"name"
        ],
        "excludeFields": []
      },
      "debug": "max"
    },
    "serverSuppliedValues": {
      "databaseName": "ctreeSQL",
      "ownerName": "admin"
    },
    "errorData": {
      "errorData": null
    },
    "warnings": []
  },
  "errorCode": 0,
  "errorMessage": ""
}

"params"

The "params" property is an object that contains an action's parameters. Each action defines its own required and optional properties.

Property summary

Table 1. "params" property summaries

Property

Description

Default

Type

Limits (inclusive)

"databaseName"

contains the name of a database

Defaults to the "defaultDatabaseName" value that is set during "createSession"

string

Minimum length: 1
Maximum length: 64

"indexFilter"

selects an index and defines the lower and upper bounds of records to be returned from the index

Required - No default value

object

"maxRecords"

sets the maximum number of records to return from an action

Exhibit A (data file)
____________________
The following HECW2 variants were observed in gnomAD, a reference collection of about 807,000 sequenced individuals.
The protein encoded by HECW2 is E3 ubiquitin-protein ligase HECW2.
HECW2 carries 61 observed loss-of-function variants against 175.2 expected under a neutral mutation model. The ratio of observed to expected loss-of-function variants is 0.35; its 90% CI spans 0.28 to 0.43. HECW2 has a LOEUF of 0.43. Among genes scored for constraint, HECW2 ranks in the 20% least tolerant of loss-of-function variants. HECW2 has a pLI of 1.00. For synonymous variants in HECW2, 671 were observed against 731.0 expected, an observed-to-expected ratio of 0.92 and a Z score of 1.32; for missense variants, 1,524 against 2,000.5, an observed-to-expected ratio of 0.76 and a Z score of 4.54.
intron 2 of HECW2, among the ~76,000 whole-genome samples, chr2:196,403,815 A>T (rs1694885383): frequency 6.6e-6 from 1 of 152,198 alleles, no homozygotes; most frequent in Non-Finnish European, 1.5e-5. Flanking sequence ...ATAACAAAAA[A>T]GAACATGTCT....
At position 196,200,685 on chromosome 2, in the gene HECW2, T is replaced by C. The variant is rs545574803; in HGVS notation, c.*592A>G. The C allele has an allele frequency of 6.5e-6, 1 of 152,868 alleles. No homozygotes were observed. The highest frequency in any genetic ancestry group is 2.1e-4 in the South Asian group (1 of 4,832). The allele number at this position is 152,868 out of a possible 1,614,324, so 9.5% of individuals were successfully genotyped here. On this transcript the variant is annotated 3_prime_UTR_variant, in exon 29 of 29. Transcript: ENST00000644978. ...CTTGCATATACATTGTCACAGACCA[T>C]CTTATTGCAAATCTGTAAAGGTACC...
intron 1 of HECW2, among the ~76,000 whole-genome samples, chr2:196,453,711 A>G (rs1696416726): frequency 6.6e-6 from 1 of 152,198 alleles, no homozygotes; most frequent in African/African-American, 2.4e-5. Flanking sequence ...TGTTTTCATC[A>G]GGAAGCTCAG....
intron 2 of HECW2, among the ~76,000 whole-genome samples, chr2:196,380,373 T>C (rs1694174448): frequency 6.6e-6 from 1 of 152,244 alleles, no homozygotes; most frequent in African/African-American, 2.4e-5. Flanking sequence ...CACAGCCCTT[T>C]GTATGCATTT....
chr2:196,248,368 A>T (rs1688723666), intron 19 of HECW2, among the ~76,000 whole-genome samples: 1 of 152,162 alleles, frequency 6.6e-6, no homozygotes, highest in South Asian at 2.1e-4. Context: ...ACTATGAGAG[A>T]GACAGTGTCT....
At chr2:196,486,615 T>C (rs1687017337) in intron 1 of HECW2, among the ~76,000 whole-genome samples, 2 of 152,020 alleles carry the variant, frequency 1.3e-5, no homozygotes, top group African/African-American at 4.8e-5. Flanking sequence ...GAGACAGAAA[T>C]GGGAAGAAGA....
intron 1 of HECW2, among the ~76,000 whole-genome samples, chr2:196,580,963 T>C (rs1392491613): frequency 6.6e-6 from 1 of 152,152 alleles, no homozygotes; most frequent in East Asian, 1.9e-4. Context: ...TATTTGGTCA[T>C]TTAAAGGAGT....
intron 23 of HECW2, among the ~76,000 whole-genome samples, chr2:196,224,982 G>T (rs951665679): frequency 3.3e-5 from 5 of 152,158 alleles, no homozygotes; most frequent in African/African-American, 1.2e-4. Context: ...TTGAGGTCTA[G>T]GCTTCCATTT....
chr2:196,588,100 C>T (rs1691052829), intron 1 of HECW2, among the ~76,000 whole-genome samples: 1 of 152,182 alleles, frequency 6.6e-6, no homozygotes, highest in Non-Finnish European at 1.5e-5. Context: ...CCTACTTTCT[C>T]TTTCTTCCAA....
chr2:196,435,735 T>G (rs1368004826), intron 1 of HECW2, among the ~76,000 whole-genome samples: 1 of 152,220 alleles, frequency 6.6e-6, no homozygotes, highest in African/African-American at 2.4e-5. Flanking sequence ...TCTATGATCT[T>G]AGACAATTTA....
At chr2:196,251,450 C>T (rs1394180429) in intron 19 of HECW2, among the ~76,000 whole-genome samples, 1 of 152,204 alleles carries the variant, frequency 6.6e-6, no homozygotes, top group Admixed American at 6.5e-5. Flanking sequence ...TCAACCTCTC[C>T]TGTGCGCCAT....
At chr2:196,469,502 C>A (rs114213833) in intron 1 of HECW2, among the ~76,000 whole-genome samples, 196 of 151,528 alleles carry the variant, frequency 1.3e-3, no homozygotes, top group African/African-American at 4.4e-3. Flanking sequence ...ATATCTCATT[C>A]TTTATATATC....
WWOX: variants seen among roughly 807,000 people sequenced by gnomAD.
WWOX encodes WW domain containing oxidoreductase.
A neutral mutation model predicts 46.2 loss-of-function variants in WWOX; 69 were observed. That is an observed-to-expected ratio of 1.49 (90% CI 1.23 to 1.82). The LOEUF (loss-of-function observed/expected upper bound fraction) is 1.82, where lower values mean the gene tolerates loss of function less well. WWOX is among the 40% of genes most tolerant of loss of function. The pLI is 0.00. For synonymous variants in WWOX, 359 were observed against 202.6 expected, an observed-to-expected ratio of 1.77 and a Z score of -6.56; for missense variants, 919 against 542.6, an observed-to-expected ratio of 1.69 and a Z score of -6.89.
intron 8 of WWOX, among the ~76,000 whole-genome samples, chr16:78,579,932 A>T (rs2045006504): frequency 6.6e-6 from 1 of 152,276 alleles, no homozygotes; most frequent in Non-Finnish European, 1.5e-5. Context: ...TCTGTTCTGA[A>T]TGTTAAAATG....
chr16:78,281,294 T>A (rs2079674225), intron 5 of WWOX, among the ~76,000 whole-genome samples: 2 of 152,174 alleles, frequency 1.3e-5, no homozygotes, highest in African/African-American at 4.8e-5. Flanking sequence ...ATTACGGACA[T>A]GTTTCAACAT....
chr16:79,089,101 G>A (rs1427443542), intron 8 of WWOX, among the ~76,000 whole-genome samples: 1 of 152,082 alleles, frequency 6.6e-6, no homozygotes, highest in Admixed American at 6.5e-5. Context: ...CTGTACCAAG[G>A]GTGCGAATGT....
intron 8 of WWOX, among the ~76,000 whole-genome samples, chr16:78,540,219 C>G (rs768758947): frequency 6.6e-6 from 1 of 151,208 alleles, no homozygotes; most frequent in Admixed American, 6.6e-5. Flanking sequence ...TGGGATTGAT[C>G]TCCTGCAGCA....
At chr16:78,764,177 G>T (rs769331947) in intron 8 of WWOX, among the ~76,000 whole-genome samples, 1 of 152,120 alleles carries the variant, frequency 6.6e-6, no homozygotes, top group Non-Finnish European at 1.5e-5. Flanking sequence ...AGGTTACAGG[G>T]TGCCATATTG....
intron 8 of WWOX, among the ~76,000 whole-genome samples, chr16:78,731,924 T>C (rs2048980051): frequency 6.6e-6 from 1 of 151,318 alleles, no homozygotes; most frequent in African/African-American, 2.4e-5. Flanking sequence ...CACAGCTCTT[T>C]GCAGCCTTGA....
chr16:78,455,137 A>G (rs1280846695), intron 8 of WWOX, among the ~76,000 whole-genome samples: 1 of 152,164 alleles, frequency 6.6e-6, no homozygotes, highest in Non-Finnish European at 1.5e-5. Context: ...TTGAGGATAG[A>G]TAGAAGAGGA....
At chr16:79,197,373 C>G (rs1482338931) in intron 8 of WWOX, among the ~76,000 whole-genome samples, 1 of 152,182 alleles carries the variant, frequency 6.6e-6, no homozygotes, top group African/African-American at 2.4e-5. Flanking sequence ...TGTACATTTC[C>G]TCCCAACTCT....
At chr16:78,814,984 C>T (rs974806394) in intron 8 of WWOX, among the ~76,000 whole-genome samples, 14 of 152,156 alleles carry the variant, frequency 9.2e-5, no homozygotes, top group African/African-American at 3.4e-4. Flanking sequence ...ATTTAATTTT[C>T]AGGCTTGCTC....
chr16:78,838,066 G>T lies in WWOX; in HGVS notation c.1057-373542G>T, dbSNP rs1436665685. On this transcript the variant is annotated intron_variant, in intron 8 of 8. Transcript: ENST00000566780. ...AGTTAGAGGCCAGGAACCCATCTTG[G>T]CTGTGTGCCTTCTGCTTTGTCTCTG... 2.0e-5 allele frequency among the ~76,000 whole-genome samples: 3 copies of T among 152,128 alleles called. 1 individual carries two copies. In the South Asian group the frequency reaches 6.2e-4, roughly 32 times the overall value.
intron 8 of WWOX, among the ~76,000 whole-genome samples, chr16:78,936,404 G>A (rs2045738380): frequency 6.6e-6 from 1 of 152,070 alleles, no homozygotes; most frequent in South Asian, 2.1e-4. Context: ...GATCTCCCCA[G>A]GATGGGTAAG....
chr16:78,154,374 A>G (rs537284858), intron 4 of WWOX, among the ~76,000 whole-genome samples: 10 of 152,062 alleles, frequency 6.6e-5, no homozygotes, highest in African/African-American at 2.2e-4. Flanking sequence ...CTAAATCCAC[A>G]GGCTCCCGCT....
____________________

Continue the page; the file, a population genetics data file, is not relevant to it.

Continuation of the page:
20

integer

-1 - 65,535

"ownerName"

contains the unique name of a schema in a database

""

string

Minimum length: 1
Maximum length: 64

"returnCursor"

configures the server to return a customized response

false

Boolean

true
false

"reverseOrder"

returns records in reverse order when true

false

Boolean

true
false

"skipRecords"

specifies the number of records to skip over in the results before returning records

0

integer

0 - 9,223,372,036,854,775,807

"tableFilter"

filters the records in a table

""

string

Minimum length: 0
Maximum length: no practical limit

"tableName"

contains the name of a table

Required - No default value

string

Minimum length: 1
Maximum length 64


The "databaseName" property is an optional string that specifies the database that contains the tables. It defaults to the database name supplied at login.

Note